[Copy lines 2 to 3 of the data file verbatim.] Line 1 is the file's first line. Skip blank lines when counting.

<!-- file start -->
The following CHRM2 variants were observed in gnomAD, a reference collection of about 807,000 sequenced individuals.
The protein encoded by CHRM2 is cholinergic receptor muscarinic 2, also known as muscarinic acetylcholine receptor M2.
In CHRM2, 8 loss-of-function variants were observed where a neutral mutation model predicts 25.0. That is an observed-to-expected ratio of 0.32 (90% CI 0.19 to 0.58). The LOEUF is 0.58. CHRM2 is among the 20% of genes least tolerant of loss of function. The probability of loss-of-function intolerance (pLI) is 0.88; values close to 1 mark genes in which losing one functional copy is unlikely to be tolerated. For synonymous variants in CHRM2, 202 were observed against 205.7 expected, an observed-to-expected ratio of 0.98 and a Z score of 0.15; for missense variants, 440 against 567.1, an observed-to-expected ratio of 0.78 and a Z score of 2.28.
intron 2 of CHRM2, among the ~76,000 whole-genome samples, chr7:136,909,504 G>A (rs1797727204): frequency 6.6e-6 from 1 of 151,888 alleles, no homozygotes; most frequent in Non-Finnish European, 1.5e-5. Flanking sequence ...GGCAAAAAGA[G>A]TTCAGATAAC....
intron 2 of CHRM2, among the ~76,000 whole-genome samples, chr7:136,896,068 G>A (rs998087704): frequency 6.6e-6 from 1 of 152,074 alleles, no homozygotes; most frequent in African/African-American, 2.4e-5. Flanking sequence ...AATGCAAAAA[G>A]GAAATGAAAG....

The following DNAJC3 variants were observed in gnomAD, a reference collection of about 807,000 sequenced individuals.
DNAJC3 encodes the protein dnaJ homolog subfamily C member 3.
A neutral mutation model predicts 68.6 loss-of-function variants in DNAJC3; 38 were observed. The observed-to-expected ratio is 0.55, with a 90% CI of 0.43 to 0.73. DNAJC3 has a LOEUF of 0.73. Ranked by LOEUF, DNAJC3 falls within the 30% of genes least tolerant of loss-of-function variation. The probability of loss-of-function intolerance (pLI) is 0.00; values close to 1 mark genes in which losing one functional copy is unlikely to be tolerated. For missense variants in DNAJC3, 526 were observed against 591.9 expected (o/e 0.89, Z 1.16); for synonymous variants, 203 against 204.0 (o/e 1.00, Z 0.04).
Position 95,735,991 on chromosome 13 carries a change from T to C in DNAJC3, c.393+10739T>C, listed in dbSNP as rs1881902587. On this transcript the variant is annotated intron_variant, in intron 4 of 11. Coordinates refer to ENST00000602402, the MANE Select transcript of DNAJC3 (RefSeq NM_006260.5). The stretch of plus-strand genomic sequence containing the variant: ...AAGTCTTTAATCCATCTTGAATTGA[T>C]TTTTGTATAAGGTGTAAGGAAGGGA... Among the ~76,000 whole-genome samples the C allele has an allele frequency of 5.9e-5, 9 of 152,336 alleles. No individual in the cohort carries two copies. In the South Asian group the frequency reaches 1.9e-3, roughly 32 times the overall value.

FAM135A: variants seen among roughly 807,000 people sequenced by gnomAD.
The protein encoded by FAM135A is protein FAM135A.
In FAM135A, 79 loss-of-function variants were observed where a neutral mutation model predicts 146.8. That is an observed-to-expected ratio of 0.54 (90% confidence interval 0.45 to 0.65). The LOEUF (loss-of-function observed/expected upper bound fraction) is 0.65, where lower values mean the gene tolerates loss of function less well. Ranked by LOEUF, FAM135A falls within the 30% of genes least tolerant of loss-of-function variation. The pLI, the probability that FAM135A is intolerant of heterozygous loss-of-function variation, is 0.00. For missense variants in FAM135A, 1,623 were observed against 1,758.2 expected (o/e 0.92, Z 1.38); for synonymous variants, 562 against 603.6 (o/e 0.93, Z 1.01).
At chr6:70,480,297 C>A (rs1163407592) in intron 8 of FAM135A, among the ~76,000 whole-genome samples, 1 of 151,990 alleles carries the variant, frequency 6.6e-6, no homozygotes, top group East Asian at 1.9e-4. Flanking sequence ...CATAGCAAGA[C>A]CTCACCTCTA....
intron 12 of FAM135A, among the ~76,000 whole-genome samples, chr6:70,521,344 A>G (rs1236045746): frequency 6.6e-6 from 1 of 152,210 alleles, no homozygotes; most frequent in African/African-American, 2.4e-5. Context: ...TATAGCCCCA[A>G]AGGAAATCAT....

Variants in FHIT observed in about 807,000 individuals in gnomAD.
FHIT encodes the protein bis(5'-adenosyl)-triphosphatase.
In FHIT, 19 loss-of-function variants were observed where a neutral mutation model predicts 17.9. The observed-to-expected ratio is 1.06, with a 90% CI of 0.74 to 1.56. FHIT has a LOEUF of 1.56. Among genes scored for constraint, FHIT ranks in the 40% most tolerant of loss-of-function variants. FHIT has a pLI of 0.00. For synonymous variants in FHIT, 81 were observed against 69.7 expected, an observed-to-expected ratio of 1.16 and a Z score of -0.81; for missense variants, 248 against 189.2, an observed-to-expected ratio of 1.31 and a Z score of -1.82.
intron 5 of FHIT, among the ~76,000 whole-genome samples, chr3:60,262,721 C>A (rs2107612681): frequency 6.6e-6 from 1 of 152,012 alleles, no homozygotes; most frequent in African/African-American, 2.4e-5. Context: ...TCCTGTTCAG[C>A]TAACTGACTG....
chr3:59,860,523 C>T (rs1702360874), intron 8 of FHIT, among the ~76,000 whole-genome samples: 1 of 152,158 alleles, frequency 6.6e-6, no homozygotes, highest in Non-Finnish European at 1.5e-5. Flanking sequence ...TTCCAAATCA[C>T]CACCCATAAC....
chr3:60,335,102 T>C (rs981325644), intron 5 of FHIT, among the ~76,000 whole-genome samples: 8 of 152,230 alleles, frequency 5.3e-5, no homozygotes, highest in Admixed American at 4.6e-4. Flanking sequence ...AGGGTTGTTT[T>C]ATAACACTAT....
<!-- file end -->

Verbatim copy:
The protein encoded by CHRM2 is cholinergic receptor muscarinic 2, also known as muscarinic acetylcholine receptor M2.
In CHRM2, 8 loss-of-function variants were observed where a neutral mutation model predicts 25.0. That is an observed-to-expected ratio of 0.32 (90% CI 0.19 to 0.58). The LOEUF is 0.58. CHRM2 is among the 20% of genes least tolerant of loss of function. The probability of loss-of-function intolerance (pLI) is 0.88; values close to 1 mark genes in which losing one functional copy is unlikely to be tolerated. For synonymous variants in CHRM2, 202 were observed against 205.7 expected, an observed-to-expected ratio of 0.98 and a Z score of 0.15; for missense variants, 440 against 567.1, an observed-to-expected ratio of 0.78 and a Z score of 2.28.